Parents have always worried about where to send their children to school; but the school, statistically speaking, does not matter as much as which adult stands in front of their children. Teacher quality tends to vary more within schools—even supposedly good schools—than among schools.
But we have never identified excellent teachers in any reliable, objective way. Instead, we tend to ascribe their gifts to some mystical quality that we can recognize and revere—but not replicate. The great teacher serves as a hero but never, ironically, as a lesson.
At last, though, the research about teachers’ impact has become too overwhelming to ignore.
Worrying about our education system in this country is one of the few things that truly nags my mind. I think I could become obsessed about the problem if I had more time to contemplate the problem.
What is the problem? I see the symptoms in my “day job” manifested in high school “graduates” who can barely fill out applications for court-appointed legal representation and one, if you can believe it, spelled his name differently in two places on the application. I hear of failures of education when colleges have to provide remedial courses for students who took dual-credit courses (whom you might have assumed were high-achieving students).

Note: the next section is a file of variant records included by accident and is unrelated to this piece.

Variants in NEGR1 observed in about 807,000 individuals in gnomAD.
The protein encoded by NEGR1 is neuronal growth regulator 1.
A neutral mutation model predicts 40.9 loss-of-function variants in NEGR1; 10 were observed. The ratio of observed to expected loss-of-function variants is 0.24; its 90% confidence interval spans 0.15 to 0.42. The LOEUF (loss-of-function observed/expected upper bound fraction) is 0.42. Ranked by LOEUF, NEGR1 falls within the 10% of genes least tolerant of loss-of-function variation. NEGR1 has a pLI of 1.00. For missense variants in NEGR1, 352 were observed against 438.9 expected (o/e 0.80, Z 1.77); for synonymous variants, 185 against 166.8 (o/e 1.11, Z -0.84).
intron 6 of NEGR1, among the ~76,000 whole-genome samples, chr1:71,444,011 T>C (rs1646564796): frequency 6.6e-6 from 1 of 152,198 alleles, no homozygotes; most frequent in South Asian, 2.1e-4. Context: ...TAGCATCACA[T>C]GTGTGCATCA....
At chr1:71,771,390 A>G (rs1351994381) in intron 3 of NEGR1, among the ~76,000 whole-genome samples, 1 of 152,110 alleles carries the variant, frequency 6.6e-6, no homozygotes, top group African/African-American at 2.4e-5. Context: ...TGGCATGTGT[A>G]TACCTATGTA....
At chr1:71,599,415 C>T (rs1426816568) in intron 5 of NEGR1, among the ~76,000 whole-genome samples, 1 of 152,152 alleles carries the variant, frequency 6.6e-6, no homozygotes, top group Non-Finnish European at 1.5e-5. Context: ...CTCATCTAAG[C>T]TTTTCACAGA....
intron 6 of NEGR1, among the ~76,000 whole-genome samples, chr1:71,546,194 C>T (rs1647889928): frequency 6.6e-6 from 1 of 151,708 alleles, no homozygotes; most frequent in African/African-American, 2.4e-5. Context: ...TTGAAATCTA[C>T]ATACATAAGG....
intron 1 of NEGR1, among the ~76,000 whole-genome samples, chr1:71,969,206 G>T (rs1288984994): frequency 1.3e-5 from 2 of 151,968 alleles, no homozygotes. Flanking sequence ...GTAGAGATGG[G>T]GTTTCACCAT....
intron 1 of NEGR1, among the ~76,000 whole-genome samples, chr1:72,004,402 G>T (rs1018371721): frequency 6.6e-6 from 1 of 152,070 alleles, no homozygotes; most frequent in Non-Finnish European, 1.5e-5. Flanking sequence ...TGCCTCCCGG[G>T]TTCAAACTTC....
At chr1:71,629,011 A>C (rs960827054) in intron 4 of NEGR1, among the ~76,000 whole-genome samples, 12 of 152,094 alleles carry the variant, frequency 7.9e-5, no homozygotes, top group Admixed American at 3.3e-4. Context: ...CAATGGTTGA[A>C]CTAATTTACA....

For all of those reasons I was intrigued by this article describing an objective approach to identifying truly effective teachers and learning what makes them different — different in that they are bringing their students along much faster than their peers. Bill Bennett talks of studies demonstrating that getting rid of the lowest-performing 5% of teachers can have dramatic effect on the overall educational results in America.
Let’s figure out what makes great teachers great and try to replicate the distinguishing features. America cannot survive and retain its place in the world if we don’t.